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The Scarlet & Black

College releases federal drug and alcohol regulations: Grinnell particulars differ from national standards

By Zane Silk

Grinnell College students received an email informing them of the typical sanctions for drug and alcohol policy violations on Sept. 29 from Sarah Moschenross, Dean of Students. The list of repercussions struck some as surprisingly lenient. Particularly noteworthy was that in the email, the sanctions for both the first and second instance of student possession of marijuana for personal use included no mention of police involvement. However, Moschenross clarified that template required in the email did not fully capture the College’s policies.

“If we saw marijuana or paraphernalia in a person’s room, we would still call the police just like we would if we saw hard drugs,” Moschenross said. “It doesn’t give us an opportunity in this template to say that if we know about a person using it, it’s different than if we see a person with the drugs.”

Under the federal government’s Drug Free Schools and Communities Act, the College is obliged to release an annual notice to students, staff and faculty indicating the health risks, disciplinary sanctions, laws and treatment programs available in regards to the illicit use of drugs and alcohol. According to the federal Clery Act and Violence Against Women Reauthorization Act of 2013, the College also must annually release security and fire safety reports, which were published the day after Moschenross’ email.

Another problem with the federally mandated template is that while there is a column for fines, Grinnell College does not apply fines for any of the violations listed.

“We believe in a conduct system that’s non-punitive, and to assess fines to students would be a punitive conduct response. It’s not a best practice, and it disproportionately hurts people in low-income categories,” Moschenross said.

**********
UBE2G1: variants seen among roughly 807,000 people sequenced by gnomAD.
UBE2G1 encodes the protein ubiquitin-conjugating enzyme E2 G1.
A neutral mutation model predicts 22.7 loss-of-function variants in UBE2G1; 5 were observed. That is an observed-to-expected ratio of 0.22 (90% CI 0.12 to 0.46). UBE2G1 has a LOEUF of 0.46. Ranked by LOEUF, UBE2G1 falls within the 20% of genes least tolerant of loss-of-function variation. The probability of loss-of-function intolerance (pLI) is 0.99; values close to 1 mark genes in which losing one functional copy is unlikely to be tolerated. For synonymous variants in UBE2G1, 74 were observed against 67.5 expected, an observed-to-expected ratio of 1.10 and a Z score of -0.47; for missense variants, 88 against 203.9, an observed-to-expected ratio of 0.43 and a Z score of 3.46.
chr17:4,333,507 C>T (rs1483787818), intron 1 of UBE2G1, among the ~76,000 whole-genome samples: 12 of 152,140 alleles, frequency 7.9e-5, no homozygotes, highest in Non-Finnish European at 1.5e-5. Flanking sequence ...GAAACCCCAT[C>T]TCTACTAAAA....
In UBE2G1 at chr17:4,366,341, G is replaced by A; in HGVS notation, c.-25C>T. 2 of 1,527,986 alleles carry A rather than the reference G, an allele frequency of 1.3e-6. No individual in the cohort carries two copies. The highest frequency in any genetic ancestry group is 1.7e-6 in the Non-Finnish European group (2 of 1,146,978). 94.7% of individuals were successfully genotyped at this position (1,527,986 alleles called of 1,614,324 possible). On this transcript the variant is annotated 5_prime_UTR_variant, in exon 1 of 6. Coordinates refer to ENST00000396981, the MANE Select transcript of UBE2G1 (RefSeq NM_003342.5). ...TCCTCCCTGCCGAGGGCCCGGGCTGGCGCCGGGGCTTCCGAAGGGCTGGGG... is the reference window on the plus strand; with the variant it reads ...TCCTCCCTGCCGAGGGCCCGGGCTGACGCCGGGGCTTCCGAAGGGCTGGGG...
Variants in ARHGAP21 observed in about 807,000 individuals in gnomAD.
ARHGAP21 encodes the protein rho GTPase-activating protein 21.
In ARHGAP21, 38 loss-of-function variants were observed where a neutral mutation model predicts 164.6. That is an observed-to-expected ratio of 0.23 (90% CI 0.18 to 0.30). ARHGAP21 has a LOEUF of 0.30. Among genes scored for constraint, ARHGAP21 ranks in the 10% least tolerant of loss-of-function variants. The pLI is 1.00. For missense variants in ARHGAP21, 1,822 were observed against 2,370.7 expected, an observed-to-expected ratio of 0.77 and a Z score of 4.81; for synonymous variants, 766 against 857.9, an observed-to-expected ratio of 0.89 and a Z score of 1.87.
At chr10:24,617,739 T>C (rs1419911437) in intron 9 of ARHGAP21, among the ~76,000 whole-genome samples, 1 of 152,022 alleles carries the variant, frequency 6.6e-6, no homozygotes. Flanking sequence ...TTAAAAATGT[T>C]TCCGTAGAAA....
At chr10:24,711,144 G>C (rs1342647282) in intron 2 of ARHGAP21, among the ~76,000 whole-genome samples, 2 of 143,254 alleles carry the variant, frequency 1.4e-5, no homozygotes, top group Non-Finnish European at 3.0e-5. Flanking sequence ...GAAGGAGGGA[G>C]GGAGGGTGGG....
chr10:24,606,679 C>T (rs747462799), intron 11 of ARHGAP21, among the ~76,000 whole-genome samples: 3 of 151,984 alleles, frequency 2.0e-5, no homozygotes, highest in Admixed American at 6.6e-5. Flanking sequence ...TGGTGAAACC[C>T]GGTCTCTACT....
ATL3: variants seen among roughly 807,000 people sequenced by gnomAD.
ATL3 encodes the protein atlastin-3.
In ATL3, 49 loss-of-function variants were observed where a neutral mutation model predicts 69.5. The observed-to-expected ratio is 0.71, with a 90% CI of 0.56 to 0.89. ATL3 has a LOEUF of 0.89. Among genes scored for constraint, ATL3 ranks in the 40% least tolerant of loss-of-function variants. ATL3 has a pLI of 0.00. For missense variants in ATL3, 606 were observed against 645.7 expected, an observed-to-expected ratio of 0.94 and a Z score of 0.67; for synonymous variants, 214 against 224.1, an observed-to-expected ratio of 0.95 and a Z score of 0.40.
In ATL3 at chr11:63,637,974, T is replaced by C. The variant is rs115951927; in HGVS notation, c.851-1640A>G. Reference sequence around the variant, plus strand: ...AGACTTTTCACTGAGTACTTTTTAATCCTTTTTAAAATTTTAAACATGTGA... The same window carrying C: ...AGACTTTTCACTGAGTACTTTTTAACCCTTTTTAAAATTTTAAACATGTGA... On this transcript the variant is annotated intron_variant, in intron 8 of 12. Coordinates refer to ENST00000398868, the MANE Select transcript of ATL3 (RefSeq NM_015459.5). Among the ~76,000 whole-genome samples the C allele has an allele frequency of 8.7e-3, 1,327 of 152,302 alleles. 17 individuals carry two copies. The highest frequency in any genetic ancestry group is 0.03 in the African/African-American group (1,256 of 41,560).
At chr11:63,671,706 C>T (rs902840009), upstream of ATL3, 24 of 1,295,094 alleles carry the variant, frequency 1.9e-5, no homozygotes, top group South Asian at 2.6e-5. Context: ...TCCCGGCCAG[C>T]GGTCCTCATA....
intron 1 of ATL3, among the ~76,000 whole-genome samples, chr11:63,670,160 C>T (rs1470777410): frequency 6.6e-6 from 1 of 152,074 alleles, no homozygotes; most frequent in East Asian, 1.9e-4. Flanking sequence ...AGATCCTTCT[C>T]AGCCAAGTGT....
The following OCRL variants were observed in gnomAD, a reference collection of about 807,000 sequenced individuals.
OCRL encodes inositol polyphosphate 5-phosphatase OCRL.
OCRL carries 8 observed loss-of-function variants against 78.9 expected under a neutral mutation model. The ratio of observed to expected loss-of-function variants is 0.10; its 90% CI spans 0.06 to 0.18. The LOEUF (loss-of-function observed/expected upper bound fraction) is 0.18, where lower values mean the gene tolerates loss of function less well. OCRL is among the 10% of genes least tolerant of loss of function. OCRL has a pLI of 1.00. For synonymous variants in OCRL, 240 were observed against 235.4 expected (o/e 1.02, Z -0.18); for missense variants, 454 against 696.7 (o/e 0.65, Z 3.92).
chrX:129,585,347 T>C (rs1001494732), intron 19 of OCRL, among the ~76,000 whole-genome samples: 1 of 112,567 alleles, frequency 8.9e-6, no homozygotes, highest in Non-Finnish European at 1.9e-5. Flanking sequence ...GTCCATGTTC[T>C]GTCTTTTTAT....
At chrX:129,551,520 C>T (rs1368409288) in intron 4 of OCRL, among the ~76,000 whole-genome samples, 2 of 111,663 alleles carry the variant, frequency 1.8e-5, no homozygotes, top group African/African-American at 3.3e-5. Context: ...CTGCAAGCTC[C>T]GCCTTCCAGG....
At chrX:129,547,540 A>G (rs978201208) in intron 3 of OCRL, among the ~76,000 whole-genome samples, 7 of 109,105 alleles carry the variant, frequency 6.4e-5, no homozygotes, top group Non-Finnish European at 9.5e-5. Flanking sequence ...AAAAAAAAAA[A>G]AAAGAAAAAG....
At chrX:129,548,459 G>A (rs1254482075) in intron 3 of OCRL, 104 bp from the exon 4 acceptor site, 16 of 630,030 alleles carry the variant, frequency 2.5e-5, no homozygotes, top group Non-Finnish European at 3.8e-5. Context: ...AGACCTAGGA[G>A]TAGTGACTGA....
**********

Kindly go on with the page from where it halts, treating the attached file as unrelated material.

“That column about fines is there because that’s what a lot of colleges do,” said Jennifer Jacobsen, Assistant Dean of Students and Director of Wellness and Prevention.

In terms of police involvement, the College makes a distinction between cases where staff simply have knowledge of drug use and cases where staff come across visible evidence of illegal drugs or paraphernalia. The commonly imposed sanctions in Moschenross’ email apply more to the former cases than the latter.

“This is just saying these are the possible outcomes — it could involve police, it might not, it might involve suspension or it might involve a drug abuse evaluation,” Moschenross said. “So these aren’t black and white, I apply this to that — it’s all contextual. So if we find out a person is using hard drugs that doesn’t mean we’re going to call the police, but we would if we saw it in a room, just like with marijuana.”

A new addition to the notice this year is mention of Marijuana BASICS, which is a brief motivational interviewing intervention program that is being piloted at the College in cases of marijuana use. Marijuana BASICS is modeled after Alcohol BASICS, a program for cases of alcohol abuse that is now its second year at the College. Also new this year is Ever Fi, which is replacing My Student Body as the online educational program for incoming first years on the topics of alcohol, drugs and sex.

“[Ever Fi’s] more culturally aware than what we were using with My Student Body,” Jacobsen said. “[Ever Fi] doesn’t ask you to indicate whether you are male or female, it actually gives kind of the whole lovely, broad spectrum of how people might chose. It just reads a little more Grinnell. … It doesn’t assume that every case of sexual misconduct is going to be in a heteronormative context.”

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